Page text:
A panel on CNN Wednesday night took up the topic of Donald Trump’s one-on-one meeting with Vladimir Putin, the Russian dictator who interfered in the 2016 election in an effort to get Trump the 77,000 votes he needed to secure an electoral college victory.
Republican strategist Rick Wilson said that regardless of what the men say in secret, it’s already a “disaster.”
“This is a moment of disaster already for our European allies,” Wilson said. “He’s eager as a schoolgirl for this meeting with Vladimir Putin and he’s throwing all sorts of shade and hating on our NATO allies, folks that have stood with us for 70 years.”
Trump will not listen to advice, Wilson said.
He’s resisting the entreaties of both the allies and his own staff to issue a statement about Article 5, which is the provision the NATO an attack on one is an attack on all.”
NATO is the foundation of American military strategy and foreign policy and Trump appears ready to destroy it to forge a relationship with the Russian dictator who he idolizes, Wilson said. Wilson reminded viewers of how important NATO and its provision for mutual assistance have been.
“The last time Article 5 was invoked was 9/11 and NATO allies were calling us within hours, the rubble was still smoking when they called volunteered to help,” he said.
trump simply cannot appreciate something like that if it doesn’t benefit him today, Wilson said.
“Donald Trump is signaling that unless he gets his cut of the vig on this thing he’s going to walk away on this alliance. This is a moment of incredible political and global tragedy if we let this slip away.”
NYT columnist says one of Trump’s friends begged him to talk him out of launching war with Iran
On Monday, Thomas Friedman of The New York Times spoke to CNN's Anderson Cooper, following President Donald Trump's attacks on him for calling his behavior racist in a recent article. The president accused him of "kissing [his] a**" in an Oval Office phone call.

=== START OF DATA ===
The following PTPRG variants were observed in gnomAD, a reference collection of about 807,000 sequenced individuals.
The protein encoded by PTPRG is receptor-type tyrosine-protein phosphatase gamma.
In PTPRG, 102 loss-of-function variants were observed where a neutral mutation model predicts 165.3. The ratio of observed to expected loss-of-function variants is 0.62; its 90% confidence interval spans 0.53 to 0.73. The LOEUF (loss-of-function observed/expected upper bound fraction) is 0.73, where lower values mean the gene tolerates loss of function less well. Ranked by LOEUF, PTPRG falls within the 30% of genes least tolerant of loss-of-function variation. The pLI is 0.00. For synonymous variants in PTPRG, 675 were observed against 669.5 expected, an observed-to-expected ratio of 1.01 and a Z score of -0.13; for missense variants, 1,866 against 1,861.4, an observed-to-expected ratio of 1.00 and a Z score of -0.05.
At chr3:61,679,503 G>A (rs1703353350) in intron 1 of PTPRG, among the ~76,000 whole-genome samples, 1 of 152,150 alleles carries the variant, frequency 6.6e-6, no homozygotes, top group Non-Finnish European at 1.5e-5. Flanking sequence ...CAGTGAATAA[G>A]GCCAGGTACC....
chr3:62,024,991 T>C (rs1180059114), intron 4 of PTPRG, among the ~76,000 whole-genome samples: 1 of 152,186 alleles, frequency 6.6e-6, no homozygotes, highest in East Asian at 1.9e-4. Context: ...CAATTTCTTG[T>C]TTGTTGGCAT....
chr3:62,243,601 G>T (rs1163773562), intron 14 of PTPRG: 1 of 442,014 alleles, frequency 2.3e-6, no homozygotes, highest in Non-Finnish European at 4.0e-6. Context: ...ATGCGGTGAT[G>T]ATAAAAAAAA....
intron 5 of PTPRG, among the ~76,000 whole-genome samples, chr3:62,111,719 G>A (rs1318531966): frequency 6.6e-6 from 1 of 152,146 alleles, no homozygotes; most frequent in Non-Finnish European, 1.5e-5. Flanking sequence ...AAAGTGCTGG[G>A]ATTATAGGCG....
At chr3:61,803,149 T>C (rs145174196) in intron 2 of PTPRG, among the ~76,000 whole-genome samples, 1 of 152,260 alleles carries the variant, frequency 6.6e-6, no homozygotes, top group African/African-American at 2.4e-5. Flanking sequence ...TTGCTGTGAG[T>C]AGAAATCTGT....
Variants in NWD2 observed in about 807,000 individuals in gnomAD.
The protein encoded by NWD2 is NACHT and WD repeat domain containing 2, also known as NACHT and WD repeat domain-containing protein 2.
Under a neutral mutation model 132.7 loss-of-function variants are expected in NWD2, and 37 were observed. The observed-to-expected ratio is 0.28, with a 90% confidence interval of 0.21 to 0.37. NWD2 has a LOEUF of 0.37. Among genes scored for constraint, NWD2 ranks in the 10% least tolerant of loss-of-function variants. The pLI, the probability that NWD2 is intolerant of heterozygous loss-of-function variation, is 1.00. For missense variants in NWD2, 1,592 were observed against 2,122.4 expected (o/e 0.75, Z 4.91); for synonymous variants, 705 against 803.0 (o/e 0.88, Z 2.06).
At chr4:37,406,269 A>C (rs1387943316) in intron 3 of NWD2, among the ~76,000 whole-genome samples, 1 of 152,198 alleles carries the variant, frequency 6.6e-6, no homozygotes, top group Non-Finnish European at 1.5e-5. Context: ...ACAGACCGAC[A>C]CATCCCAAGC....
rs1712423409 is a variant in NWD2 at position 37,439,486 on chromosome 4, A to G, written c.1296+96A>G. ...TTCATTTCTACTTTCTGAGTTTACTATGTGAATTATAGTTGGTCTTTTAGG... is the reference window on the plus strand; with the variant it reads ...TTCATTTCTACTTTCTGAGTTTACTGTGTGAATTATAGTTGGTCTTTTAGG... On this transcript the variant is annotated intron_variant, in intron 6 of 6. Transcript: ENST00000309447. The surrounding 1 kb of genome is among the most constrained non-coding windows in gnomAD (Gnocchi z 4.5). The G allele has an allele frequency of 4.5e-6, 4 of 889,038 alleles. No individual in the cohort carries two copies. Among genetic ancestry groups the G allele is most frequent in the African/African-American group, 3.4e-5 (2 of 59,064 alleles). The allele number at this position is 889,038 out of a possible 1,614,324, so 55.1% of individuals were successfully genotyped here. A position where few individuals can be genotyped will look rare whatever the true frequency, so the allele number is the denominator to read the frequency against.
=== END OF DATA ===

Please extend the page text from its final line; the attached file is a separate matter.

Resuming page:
Speaking to Cooper, Friedman denied Trump's characterization of their discussion.
"The president tweeted about a private conversation we had and lobbed in a few insults," said Friedman. "Basically, my response, which I put out on Twitter is that I was encouraged by a friend of his to speak to him after the downing of the American drone, because I thought it was wise that we not retaliate, and I thought he was wise not to retaliate, and this friend of his wanted me to encourage him in that, because he was evidently agonizing a little over that not retaliating. And I did that. I began the conversation by saying that 'I disagree with you, Mr. President on many things, but I think you did the right thing on this.' We talked for about four minutes. We also talked about China and we left it at that."
Here are 3 things Americans must hear from Mueller’s testimony: Democratic senator
No one can say with certainty what former special counsel Robert Mueller will tell the American people when he testifies before the House Intelligence and Judiciary Committees on Wednesday.
But on Monday, Sen. Mazie Hirono (D-HI) told CNN's Wolf Blitzer the broad strokes of what Mueller will be expected to say — and what the American people should be listening for if they are not yet convinced President Donald Trump has committed impeachable offenses.
"Do you think there are Americans out there who still haven't made up their mind on this issue of impeachment, obstruction of justice, collusion and all of that?" Blitzer asked her. "Have the American people moved on?"
Trump is becoming more hawkish on Iran — and he’s running out of options: report
So far, one of the only pieces of good news in the escalating tensions between the United States and Iran is that President Donald Trump has been reluctant to use military force, taking his cues in part from Fox News host Tucker Carlson, who has personally warned him that it would end his presidency — resisting the urges of his most trigger-happy advisers like John Bolton.
Now, however, the president appears to be having second thoughts as it becomes clearer that he will not be able to broker a better deal than President Barack Obama's nuclear agreement, and is starting to view the conflict more hawkishly, reported CNN's Kaitlan Collins on Monday.